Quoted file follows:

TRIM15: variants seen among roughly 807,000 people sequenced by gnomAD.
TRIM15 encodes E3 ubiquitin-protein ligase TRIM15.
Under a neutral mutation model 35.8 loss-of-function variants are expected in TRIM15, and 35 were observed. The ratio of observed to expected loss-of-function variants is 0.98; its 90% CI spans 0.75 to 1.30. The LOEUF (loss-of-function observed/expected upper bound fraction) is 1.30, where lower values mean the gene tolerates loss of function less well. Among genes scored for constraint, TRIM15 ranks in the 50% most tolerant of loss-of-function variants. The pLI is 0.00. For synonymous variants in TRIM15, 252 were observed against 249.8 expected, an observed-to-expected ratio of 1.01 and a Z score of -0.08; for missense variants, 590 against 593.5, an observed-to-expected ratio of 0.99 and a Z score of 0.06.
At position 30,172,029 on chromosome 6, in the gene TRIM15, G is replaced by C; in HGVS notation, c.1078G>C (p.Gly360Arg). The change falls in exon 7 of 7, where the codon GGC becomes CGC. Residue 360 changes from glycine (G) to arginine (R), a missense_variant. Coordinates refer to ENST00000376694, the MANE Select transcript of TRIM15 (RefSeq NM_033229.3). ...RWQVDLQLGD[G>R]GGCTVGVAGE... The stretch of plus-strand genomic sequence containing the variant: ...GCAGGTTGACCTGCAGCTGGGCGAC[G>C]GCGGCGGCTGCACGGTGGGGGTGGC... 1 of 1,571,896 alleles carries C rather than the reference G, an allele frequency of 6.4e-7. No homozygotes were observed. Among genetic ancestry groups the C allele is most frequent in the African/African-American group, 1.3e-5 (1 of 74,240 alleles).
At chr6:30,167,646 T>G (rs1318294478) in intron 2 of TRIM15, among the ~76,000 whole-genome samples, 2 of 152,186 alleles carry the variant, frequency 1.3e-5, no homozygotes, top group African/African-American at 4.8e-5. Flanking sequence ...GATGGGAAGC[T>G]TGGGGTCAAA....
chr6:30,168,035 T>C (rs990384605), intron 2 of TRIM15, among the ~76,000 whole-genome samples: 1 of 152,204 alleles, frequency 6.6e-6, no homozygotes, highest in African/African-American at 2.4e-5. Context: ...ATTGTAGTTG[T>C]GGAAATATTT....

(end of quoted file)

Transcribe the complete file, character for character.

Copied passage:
TRIM15: variants seen among roughly 807,000 people sequenced by gnomAD.
TRIM15 encodes E3 ubiquitin-protein ligase TRIM15.
Under a neutral mutation model 35.8 loss-of-function variants are expected in TRIM15, and 35 were observed. The ratio of observed to expected loss-of-function variants is 0.98; its 90% CI spans 0.75 to 1.30. The LOEUF (loss-of-function observed/expected upper bound fraction) is 1.30, where lower values mean the gene tolerates loss of function less well. Among genes scored for constraint, TRIM15 ranks in the 50% most tolerant of loss-of-function variants. The pLI is 0.00. For synonymous variants in TRIM15, 252 were observed against 249.8 expected, an observed-to-expected ratio of 1.01 and a Z score of -0.08; for missense variants, 590 against 593.5, an observed-to-expected ratio of 0.99 and a Z score of 0.06.
At position 30,172,029 on chromosome 6, in the gene TRIM15, G is replaced by C; in HGVS notation, c.1078G>C (p.Gly360Arg). The change falls in exon 7 of 7, where the codon GGC becomes CGC. Residue 360 changes from glycine (G) to arginine (R), a missense_variant. Coordinates refer to ENST00000376694, the MANE Select transcript of TRIM15 (RefSeq NM_033229.3). ...RWQVDLQLGD[G>R]GGCTVGVAGE... The stretch of plus-strand genomic sequence containing the variant: ...GCAGGTTGACCTGCAGCTGGGCGAC[G>C]GCGGCGGCTGCACGGTGGGGGTGGC... 1 of 1,571,896 alleles carries C rather than the reference G, an allele frequency of 6.4e-7. No homozygotes were observed. Among genetic ancestry groups the C allele is most frequent in the African/African-American group, 1.3e-5 (1 of 74,240 alleles).
At chr6:30,167,646 T>G (rs1318294478) in intron 2 of TRIM15, among the ~76,000 whole-genome samples, 2 of 152,186 alleles carry the variant, frequency 1.3e-5, no homozygotes, top group African/African-American at 4.8e-5. Flanking sequence ...GATGGGAAGC[T>G]TGGGGTCAAA....
chr6:30,168,035 T>C (rs990384605), intron 2 of TRIM15, among the ~76,000 whole-genome samples: 1 of 152,204 alleles, frequency 6.6e-6, no homozygotes, highest in African/African-American at 2.4e-5. Context: ...ATTGTAGTTG[T>C]GGAAATATTT....